Opened in 1927, the Riviera Country Club’s George Thomas-designed golf course has, since its inception, served as the venue for championship golf in Southern California. From MacDonald Smith’s second title in 1929 to Ernie Els’ first title 70 years later, the PGA Tour’s Los Angeles Open has been a regular event at the club. The classic Riviera layout has also produced many other champions, such as Byron Nelson, Sam Snead, Tom Watson, Johnny Miller, Nick Faldo, Fred Couples, Craig Stadler, Hale Irwin and, of course, Ben Hogan.
Indeed, Riviera has long been known within golfing circles as “Hogan’s Alley”, a nickname bestowed upon it by three-time Masters champion Jimmy Demaret after Hogan won the 1947 and 1948 Los Angeles Opens and the 1948 U.S. Open at the Club within a span of 18 months. That U.S. Open, the first event to be played West of the Mississippi, would be followed in turn by the 1983 PGA Championship (won by Hal Sutton by one shot over Jack Nicklaus), the 1995 PGA Championship (won by Steve Elkington over Colin Montgomerie in a playoff), and the 1998 U.S. Senior Open (won by Hale Irwin), providing Riviera with a championship legacy matched by few others.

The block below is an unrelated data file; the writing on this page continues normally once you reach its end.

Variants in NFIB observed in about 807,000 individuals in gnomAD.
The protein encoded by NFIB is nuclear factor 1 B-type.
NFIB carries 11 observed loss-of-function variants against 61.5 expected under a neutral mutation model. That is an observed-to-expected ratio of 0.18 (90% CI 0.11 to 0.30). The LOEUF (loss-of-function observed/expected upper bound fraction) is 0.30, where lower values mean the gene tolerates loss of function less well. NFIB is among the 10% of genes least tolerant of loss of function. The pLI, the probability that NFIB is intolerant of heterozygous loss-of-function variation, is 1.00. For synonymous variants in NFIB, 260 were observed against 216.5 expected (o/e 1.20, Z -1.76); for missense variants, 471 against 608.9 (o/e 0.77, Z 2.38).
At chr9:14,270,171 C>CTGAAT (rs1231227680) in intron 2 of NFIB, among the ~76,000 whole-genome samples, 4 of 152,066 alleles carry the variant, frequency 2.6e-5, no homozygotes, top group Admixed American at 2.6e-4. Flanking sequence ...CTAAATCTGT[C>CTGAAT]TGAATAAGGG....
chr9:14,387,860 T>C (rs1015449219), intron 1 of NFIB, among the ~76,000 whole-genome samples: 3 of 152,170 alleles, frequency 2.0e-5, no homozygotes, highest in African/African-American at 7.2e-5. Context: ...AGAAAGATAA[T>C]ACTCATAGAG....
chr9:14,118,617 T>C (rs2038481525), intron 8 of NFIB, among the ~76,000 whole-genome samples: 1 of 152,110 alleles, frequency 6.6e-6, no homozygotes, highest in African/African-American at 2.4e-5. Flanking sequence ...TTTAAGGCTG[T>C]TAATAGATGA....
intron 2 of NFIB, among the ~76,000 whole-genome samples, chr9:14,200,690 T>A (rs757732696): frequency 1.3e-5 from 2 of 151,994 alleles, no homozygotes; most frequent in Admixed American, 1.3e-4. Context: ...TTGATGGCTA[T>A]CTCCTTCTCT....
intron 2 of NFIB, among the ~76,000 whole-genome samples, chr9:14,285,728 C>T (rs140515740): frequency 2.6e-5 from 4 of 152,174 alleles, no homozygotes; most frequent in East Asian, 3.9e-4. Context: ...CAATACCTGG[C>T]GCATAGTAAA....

The finishing hole is a world-famous 454-yard par four that plays to an elevated fairway, then requires a long second shot to a narrow green. The green is surrounded by a natural amphitheater, providing a commanding view of the Clubhouse.
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